Depending on the repayment modalities and purpose, loans are divided into different basic forms. For example, a maturity loan – also called a maturity loan or an amortization-free loan – is created in such a way that the borrower has the agreed loan amount available over the entire term. In principle, the repayment takes place only at the end of the term, with the interest due being paid monthly. A maturity loan represents a higher risk for credit institutions than other forms of loan. For this reason, credit institutions charge an interest premium on the loan. This results in a suspension of repayment against building society contracts, securities or life insurance.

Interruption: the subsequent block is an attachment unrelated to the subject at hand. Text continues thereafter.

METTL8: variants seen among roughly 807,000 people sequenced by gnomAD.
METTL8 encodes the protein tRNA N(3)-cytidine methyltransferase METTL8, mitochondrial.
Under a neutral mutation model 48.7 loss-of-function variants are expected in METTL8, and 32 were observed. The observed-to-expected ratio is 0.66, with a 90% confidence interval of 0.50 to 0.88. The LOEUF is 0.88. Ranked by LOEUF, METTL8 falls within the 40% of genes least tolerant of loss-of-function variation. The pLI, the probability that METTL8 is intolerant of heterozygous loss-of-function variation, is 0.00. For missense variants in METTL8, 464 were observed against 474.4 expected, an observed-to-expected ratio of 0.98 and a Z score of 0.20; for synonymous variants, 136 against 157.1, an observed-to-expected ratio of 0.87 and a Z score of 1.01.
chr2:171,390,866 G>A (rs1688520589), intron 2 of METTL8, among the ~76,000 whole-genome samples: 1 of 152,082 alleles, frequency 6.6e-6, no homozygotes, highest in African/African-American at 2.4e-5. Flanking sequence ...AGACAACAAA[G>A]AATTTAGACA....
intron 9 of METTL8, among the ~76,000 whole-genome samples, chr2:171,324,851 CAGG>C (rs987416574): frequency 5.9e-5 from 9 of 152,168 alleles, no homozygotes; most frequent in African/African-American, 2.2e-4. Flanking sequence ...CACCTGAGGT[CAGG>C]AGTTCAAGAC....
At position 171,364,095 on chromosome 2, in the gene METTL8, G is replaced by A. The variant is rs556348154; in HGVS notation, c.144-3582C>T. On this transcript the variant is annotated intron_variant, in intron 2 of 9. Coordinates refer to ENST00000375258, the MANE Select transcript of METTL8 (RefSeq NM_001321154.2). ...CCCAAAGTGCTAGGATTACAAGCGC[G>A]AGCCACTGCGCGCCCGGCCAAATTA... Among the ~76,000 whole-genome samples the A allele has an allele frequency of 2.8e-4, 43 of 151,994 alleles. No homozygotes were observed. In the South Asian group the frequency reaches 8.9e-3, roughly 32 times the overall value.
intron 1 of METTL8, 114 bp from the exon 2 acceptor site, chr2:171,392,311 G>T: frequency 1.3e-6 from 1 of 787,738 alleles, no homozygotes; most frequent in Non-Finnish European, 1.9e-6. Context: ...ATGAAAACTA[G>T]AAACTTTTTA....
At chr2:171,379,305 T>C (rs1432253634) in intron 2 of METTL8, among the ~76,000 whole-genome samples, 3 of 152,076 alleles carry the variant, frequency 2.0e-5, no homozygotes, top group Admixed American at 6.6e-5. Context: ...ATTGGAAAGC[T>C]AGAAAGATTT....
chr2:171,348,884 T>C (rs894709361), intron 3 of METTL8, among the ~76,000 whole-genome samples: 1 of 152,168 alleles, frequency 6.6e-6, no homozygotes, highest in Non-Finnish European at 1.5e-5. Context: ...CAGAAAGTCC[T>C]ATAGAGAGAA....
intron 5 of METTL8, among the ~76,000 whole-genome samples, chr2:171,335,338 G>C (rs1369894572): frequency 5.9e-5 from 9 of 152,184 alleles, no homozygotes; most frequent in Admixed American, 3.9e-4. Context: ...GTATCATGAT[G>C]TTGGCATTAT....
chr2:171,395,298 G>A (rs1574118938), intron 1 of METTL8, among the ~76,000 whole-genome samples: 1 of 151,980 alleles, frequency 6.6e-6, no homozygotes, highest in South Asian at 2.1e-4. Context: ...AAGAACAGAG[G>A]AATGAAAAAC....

Furthermore, there are a variety of loan types such as the forward loan (gives the borrower the opportunity to secure a low interest rate for the future), full repayment loans (depending on the interest rate, loans can be repaid faster) and loan forms that are combined with each other.
The loan contract can be terminated both extraordinarily and extraordinarily by the borrower as well as by the lender or ends with the expiry.
For loans granted indefinitely, the creditor is entitled to an ordinary right of termination of three months in accordance with section 488 (3) sentence 1 BGB. If a specific term has been recorded in the loan contract, the repayment is due after the time has expired. Unless otherwise agreed in the contract between the parties, there is no legal right to terminate loans granted for a limited period by law.
According to Section 490 (1) of the German Civil Code, loan agreements with an agreed interest rate and a specific term can be terminated by the lender if the financial situation of the debtor changes and the reimbursement is jeopardized or there is a significant deterioration in the value retention of the security provided for the loan,